In a decision yesterday, the 6th Circuit has decided that the original definition of marriage in each state and the laws associated with that are, in fact, constitutional, that there is no bigotry or folly in supporting them and why the courts can’t make the state change the law.
…the U.S. Court of Appeals for the 6th Circuit overruled lower court decisions that had struck down state laws defining marriage as the union of a man and a woman.
The 6th Circuit Court ruled that constitutional amendments passed by popular vote in Michigan (2.7 million votes), Kentucky (1.2 million), Ohio (3.3 million) and Tennessee (1.4 million) do not violate the U.S. Constitution. Citizens remain free to define marriage as a male-female institution.
After the Supreme Court’s ruling on the federal Defense of Marriage Act case supported the states’ authority to define marriage, as well as a humble quote, the 6th Circuit showed the respect for citizens is what lies at the heart of the decision.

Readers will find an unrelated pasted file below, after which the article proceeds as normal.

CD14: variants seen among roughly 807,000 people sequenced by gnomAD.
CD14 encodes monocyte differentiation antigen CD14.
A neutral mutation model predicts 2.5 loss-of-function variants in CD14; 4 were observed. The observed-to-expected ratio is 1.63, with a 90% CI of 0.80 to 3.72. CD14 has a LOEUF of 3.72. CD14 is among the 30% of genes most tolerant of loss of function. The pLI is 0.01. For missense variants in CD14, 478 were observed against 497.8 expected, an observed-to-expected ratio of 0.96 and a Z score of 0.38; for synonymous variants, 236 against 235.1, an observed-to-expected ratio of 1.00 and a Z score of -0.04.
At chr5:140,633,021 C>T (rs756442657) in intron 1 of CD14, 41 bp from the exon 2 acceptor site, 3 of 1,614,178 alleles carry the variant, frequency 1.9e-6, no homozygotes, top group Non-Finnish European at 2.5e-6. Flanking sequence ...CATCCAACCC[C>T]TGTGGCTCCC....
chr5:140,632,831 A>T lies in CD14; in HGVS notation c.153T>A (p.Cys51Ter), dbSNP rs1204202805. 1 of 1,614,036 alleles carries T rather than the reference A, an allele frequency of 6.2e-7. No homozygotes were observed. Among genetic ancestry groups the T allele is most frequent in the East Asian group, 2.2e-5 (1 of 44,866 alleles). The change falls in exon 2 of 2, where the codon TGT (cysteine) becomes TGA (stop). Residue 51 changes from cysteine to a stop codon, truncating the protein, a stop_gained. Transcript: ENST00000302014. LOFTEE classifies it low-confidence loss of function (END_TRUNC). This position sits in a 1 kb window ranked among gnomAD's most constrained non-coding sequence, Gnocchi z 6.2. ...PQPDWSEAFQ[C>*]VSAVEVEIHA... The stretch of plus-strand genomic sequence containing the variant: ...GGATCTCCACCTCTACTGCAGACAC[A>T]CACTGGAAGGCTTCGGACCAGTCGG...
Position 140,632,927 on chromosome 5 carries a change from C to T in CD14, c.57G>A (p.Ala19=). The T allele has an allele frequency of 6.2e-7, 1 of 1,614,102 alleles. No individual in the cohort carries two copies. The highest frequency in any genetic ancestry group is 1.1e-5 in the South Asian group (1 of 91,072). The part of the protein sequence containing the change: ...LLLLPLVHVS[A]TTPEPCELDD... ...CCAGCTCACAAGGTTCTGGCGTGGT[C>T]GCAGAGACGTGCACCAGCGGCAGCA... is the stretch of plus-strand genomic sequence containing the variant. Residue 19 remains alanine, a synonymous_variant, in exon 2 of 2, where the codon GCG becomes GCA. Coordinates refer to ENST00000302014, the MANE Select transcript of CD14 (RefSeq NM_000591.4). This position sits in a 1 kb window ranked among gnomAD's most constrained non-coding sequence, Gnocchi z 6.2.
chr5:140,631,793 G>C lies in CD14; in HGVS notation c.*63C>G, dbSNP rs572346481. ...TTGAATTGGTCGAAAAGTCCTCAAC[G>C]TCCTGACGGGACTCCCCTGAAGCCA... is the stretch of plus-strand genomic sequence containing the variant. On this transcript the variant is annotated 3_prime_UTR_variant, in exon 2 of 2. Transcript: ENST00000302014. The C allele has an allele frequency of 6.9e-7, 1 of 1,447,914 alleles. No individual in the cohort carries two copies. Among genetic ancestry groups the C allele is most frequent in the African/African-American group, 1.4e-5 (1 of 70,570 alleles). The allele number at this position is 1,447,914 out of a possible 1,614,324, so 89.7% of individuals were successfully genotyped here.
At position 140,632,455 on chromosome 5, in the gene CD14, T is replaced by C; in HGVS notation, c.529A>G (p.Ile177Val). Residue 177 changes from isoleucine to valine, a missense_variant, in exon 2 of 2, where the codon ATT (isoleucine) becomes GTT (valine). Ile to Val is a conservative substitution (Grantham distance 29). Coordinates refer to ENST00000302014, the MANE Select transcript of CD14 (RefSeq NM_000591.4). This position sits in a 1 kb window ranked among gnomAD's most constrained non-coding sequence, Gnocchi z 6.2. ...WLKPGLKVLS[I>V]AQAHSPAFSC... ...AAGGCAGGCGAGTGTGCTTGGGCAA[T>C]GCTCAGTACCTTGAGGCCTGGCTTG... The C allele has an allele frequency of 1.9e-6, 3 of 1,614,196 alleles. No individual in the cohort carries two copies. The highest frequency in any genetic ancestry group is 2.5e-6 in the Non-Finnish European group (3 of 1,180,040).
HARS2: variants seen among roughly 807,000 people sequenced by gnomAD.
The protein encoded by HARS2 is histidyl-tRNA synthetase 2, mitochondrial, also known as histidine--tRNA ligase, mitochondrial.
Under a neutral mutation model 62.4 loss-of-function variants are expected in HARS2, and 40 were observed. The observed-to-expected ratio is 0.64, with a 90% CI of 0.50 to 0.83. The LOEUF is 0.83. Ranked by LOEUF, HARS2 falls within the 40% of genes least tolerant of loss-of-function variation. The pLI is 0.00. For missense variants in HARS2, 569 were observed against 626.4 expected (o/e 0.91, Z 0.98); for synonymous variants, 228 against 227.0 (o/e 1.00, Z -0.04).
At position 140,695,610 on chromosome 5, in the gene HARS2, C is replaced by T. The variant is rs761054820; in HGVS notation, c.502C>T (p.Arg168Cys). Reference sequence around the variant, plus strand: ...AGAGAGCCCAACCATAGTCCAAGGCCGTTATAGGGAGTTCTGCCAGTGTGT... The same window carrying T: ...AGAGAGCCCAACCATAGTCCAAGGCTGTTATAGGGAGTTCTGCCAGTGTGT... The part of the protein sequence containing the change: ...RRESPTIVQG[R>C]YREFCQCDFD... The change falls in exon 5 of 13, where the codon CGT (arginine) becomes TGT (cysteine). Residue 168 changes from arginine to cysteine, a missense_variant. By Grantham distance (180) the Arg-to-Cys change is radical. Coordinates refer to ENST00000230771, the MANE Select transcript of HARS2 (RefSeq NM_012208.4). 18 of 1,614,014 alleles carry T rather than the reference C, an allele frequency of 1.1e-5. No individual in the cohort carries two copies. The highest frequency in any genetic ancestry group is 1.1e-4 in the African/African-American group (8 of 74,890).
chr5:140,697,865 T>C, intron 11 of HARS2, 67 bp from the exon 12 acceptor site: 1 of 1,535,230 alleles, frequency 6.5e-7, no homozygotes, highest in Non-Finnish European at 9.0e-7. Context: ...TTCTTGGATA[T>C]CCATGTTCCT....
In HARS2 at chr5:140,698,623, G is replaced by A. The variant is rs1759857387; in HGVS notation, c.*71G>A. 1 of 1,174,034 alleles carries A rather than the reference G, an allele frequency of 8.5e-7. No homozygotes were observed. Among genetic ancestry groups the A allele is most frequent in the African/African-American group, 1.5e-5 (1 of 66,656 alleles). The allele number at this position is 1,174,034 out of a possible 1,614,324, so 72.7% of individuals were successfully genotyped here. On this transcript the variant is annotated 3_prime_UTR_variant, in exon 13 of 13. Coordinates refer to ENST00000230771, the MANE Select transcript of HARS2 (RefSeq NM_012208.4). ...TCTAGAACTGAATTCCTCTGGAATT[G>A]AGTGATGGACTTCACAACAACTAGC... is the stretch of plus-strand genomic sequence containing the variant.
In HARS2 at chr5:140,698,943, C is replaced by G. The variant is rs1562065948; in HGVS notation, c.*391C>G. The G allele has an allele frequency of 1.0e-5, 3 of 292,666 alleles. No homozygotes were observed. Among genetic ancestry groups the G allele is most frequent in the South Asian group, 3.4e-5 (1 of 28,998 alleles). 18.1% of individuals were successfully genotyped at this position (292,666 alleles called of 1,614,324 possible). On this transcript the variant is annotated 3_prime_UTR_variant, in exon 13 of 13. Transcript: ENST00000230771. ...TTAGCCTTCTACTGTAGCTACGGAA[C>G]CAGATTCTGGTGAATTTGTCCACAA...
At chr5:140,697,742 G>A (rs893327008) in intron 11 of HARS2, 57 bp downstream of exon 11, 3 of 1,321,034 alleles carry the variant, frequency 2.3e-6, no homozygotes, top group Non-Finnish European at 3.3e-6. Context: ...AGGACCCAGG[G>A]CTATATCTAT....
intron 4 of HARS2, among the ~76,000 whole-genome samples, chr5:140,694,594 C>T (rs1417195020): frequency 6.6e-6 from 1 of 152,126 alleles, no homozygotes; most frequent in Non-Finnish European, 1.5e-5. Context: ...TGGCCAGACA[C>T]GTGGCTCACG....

A dose of humility makes us hesitant to condemn as unconstitutionally irrational a view of marriage shared not long ago by every society in the world, shared by most, if not all, of our ancestors, and shared still today by a significant number of the states.
Imagine a society without marriage. It does not take long to envision problems that might result from an absence of rules about how to handle the natural effects of male-female intercourse: children. May men and women follow their procreative urges wherever they take them? Who is responsible for the children that result? How many mates may an individual have? How does one decide which set of mates is responsible for which set of children? That we rarely think about these questions nowadays shows only how far we have come and how relatively stable our society is, not that States have no explanation for creating such rules in the first place.
The court is honorable in its’ caution with making such fundamental decisions for the nation, claiming that traditionalists cannot be marked as irrational for supporting a definition of marriage that is older than traditional society when there is only one year of data by which to compare the Petri dish of the same-sex redefinition in certain states.
(h/t: The Daily Signal)